Logo of Keda.

Recently during the Microsoft //build 2019 conference, KEDA was announced as a component bringing event-driven containers and functions to Kubernetes.

KEDA allows for fine grained autoscaling (including to/from zero) for event driven Kubernetes workloads. KEDA serves as a Kubernetes Metrics Server and allows users to define autoscaling rules using a dedicated Kubernetes custom resource definition.

Architecture diagram showing the different components of Keda in a Kubernetes cluster.

You could find 6 samples to get started:

I gave the JavaScript Azure Functions + Azure Queue sample a try, I felt how easily I could host an Azure Functions triggered when an item is added in an Azure Queue and leverage Kubernetes resources to scale according to the load I need to process all items in the Queue. I won’t explain here how I did that since it’s very straight forward by following the instructions of that sample. But here below are few different variants I did and tried:

# Only install keda and not osiris for the purpose of this Azure Queue (not HTTP) sample:  
func kubernetes install \
    --keda \
    --namespace keda  
# See all the k8s resources deployed by the previous command:  
kubectl get all,customresourcedefinition \
    -n keda  
# Deploy my hello-keda sample on a specific k8s namespace:  
func kubernetes deploy \
    --name hello-keda \
    --registry <your-docker-id> \
    --namespace hello-keda  
# See all the k8s resources deployed by the previous command:  
kubectl get all,ScaledObject,Secret \
    -n hello-keda  
# Watch the pods, deployments and hpas moving while adding items in the Azure Queue (you could even open 3 panes with [tmux](https://en.wikipedia.org/wiki/Tmux)):  
kubectl get pod -w  
kubectl get deploy -w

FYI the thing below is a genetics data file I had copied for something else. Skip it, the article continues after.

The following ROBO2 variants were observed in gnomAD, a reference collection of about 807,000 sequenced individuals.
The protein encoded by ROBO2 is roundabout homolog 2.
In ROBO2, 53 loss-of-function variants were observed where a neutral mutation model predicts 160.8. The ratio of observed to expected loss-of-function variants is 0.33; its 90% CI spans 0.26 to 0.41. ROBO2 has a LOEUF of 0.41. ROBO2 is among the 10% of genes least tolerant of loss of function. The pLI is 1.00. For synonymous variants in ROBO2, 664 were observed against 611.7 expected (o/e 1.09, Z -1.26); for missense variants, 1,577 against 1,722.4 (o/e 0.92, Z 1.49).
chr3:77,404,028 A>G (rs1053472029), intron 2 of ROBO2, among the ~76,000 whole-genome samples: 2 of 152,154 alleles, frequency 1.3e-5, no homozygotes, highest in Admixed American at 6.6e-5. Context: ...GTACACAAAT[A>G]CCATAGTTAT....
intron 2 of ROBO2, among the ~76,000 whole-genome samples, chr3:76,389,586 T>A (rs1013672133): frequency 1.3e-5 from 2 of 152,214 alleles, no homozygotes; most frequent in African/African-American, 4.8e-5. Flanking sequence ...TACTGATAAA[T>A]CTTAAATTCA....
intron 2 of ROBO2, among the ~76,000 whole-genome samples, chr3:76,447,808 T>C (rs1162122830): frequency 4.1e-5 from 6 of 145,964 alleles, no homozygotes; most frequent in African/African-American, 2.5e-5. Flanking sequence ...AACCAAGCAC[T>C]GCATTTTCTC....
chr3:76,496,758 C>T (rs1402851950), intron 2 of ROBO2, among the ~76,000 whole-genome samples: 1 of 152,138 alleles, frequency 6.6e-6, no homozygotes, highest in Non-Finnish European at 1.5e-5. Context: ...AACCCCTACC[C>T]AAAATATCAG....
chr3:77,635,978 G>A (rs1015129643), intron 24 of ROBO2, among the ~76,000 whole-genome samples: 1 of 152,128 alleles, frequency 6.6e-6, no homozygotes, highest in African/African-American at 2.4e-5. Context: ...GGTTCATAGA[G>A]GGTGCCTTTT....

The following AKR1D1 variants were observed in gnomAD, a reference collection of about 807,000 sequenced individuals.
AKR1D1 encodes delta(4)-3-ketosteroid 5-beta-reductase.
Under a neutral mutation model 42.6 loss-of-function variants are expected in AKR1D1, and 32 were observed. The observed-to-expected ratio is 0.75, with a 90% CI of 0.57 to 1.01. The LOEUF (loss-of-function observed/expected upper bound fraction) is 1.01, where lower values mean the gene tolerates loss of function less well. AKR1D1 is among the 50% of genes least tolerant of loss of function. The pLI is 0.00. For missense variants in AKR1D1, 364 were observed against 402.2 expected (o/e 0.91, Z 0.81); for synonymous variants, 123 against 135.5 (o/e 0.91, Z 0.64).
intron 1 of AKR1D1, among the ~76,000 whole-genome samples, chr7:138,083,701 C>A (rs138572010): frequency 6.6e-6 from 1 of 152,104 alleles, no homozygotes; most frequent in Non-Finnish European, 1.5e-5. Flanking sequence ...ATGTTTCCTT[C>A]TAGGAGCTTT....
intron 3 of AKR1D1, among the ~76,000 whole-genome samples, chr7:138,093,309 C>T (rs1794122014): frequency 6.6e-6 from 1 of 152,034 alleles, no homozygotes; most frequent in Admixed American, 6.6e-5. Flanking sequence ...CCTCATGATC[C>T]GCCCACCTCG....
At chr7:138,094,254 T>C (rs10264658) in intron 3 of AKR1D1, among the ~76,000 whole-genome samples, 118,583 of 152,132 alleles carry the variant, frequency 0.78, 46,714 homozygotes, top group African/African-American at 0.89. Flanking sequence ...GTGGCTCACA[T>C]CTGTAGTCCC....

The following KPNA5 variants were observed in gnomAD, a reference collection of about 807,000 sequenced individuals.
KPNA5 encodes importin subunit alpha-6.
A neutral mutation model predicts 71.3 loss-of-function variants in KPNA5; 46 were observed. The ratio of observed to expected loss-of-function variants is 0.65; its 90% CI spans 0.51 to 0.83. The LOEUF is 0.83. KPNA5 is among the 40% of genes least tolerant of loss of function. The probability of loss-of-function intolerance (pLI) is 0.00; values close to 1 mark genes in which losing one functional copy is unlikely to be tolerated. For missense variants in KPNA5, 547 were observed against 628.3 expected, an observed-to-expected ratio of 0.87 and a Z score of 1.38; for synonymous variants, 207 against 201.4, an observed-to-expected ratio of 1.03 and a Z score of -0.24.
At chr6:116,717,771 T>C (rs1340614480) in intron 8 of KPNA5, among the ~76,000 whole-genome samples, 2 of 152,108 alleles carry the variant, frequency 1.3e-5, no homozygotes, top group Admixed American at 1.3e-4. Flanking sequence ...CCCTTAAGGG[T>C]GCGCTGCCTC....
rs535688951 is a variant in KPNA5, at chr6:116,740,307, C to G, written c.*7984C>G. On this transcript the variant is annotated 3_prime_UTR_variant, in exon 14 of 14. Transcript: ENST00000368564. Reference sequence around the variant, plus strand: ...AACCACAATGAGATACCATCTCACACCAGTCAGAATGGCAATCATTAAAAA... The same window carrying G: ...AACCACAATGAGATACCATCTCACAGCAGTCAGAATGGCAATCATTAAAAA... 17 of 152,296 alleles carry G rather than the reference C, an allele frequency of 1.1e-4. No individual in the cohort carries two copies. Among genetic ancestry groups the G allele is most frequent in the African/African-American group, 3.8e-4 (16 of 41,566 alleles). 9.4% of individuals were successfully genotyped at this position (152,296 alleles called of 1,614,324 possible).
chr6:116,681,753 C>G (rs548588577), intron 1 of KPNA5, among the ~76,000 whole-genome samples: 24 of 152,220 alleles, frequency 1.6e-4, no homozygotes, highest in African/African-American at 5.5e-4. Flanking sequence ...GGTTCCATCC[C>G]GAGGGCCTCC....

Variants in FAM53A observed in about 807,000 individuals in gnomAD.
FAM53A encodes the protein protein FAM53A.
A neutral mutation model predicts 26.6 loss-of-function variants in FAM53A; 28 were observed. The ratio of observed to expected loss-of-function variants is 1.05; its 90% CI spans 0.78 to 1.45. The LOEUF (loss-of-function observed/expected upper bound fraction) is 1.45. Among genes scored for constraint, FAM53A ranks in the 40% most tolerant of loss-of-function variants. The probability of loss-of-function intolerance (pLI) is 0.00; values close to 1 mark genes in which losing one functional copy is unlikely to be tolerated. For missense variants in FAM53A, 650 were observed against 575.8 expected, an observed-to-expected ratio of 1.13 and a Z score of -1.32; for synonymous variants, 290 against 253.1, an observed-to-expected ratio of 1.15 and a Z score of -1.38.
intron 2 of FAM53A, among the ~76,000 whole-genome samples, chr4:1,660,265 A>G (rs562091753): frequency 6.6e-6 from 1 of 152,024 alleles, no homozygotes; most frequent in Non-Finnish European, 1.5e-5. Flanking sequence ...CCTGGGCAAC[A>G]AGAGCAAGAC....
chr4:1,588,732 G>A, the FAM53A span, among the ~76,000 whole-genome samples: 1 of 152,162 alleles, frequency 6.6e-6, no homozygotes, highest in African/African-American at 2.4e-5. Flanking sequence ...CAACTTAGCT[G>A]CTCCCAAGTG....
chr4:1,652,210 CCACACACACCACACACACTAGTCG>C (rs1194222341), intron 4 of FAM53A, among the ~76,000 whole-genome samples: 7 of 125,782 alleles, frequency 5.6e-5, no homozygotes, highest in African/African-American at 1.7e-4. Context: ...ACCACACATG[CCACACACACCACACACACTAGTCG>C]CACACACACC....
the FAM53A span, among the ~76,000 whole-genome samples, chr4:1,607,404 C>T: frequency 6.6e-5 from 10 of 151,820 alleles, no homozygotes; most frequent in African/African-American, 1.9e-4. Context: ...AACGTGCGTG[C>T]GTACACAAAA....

kubectl get hpa -w  
# Build, tag and deploy a specific version and decoupling the build from the release:  
docker build . -t <your-docker-id>/hello-keda:1  
docker push <your-docker-id>/hello-keda:1  
func kubernetes deploy \
    --name hello-keda \
    --image-name <your-docker-id>/hello-keda:1  

I also learned few stuffs around the AzureWebJobsStorage setting/secret:

  • It’s the key and connectionstring to access the Azure Queue, we don’t want it stored in the Docker image nor in the Git repo, right? That’s where the .dockerignore and .gitignore play an important role. The .dockerignore exclude the copy of the local.settings.json file into our Docker image when building the Docker image, that’s what we want, perfect!
  • This AzureWebJobsStorage setting is stored as k8s Secret and then used but the k8s Deployment

Some gotchas:

  • KEDA is a single modular component that is trying to do one thing well: provide event driven scale.  It has no dependencies and works with any Kubernetes cluster. 
  • KEDA is directly looking at the event sources (for examples messages in an Azure Queue) and scale up pods  based on the outstanding “events” (for examples length of an Azure queue)
  • KEDA doesn’t use the Azure Functions runtime. It is an independent component that can scale up any Kubernetes deployment based on events. If the Kubernetes deployment happens to target a Functions container then that will be scaled out. 
  • There is some tooling in Azure Functions Core Tools (func kubernetes) to be able to easily deploy a Functions container which is scaled through KEDA but again the components are independent.
  • Osiris and Virtual Kubelet alongside with HPA and KEDA look really promising by bringing the concept of Serverless containers on Kubernetes.

More resources:

Hope you enjoyed this blog article and this new (and experimental for now) open source project bringing more capabilities and more workloads on/with k8s.

Cheers! ;)